Prostate Cancer - Cryosurgery
Cryosurgery uses liquid nitrogen to freeze and kill prostate cancer cells. Guided by ultrasound, the doctor places needles in pre-selected locations in the prostate gland. The needle tracks are dilated for the thin metal cryo probes to be inserted through the skin of the perineum into the prostate. Liquid nitrogen in the cryo probes forms an ice ball that freezes the prostate cancer cells; as the cells thaw, they rupture. The procedure takes about two hours, requires anesthesia (either general or spinal), and requires one or two days in the hospital.
The appearance of prostate tissue in ultrasound images changes when it is frozen. To be sure enough prostate tissue is destroyed without too much damage to nearby tissues, the surgeon carefully watches these images during the procedure.
Current techniques using ultrasound guidance and precise temperature monitoring have only been available for a few years. Outcomes of long-term (10- to 15-year) follow-up must still be collected and analyzed. For this reason, most doctors do not include cryosurgery among the options they routinely consider for initial treatment of prostate cancer.
PN 1002349 Rev A 04/2013
Serious complications may occur in any surgery, including da Vinci® Surgery, up to and including death. Examples of serious or life-threatening complications, which may require prolonged and/or unexpected hospitalization and/or reoperation, include but are not limited to, one or more of the following: injury to tissues/organs, bleeding, infection and internal scarring that can cause long-lasting dysfunction/pain. Risks of surgery also include the potential for equipment failure and/or human error. Individual surgical results may vary.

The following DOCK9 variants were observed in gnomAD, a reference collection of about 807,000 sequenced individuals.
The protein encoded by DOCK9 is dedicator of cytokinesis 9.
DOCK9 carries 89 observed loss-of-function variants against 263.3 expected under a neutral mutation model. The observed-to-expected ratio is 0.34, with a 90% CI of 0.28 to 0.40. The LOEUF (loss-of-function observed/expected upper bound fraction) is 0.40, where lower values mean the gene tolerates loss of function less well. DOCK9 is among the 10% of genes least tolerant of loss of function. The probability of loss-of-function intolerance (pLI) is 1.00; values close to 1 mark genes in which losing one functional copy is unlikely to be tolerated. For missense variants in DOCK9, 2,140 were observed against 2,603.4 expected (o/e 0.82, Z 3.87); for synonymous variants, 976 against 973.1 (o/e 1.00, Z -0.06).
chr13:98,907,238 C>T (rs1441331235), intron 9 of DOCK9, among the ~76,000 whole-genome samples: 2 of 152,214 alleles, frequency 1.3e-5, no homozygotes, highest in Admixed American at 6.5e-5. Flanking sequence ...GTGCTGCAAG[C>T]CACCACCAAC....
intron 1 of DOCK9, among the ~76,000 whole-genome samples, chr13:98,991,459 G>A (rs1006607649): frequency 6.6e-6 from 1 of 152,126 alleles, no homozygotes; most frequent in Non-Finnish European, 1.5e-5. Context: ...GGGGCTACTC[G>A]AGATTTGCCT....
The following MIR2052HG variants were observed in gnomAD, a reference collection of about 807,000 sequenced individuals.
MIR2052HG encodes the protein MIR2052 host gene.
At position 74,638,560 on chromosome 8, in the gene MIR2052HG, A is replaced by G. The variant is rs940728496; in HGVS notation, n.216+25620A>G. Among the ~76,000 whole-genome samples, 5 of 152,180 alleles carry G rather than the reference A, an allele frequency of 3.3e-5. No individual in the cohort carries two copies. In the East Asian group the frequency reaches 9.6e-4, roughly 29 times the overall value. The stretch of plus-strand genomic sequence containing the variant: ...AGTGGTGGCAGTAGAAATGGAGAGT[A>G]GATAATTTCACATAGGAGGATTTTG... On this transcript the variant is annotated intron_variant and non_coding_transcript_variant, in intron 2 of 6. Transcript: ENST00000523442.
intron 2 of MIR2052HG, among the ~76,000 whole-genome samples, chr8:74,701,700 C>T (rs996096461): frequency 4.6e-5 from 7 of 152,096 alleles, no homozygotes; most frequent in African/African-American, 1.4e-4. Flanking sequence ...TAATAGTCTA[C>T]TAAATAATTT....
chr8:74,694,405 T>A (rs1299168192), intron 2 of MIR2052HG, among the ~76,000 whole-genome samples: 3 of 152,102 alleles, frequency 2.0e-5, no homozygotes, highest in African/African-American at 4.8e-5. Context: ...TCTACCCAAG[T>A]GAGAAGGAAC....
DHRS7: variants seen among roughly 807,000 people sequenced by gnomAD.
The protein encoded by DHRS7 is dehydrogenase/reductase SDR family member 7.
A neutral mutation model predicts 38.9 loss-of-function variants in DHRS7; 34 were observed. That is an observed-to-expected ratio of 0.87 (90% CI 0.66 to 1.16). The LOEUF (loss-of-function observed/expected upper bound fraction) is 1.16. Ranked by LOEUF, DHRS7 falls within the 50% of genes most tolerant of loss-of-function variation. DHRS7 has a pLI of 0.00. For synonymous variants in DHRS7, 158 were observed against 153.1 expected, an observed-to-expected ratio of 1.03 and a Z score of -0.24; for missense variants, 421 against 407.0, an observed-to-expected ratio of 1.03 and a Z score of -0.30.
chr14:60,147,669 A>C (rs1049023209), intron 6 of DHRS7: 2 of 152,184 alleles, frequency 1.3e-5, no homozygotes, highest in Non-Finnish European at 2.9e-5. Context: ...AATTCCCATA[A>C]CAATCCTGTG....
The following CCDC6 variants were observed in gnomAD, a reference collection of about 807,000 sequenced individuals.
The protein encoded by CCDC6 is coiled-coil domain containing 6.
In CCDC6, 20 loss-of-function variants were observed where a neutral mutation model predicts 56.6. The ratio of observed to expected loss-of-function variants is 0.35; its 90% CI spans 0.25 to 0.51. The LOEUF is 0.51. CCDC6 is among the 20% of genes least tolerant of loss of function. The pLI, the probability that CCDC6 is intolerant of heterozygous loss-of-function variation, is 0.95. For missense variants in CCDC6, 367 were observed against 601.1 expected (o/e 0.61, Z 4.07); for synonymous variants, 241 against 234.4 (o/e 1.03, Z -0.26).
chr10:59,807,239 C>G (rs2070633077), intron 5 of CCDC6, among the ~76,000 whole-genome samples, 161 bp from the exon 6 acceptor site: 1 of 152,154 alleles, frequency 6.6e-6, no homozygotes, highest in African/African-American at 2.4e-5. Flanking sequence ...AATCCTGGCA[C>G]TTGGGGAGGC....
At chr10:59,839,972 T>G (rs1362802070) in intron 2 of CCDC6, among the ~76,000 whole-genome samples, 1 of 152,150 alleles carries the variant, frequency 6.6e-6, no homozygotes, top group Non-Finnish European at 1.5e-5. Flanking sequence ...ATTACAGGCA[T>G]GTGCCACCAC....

Risks specific to minimally invasive surgery, including da Vinci ® Surgery, include but are not limited to, one or more of the following: temporary pain/nerve injury associated with positioning; temporary pain/discomfort from the use of air or gas in the procedure; a longer operation and time under anesthesia and conversion to another surgical technique. If your doctor needs to convert the surgery to another surgical technique, this could result in a longer operative time, additional time under anesthesia, additional or larger incisions and/or increased complications.
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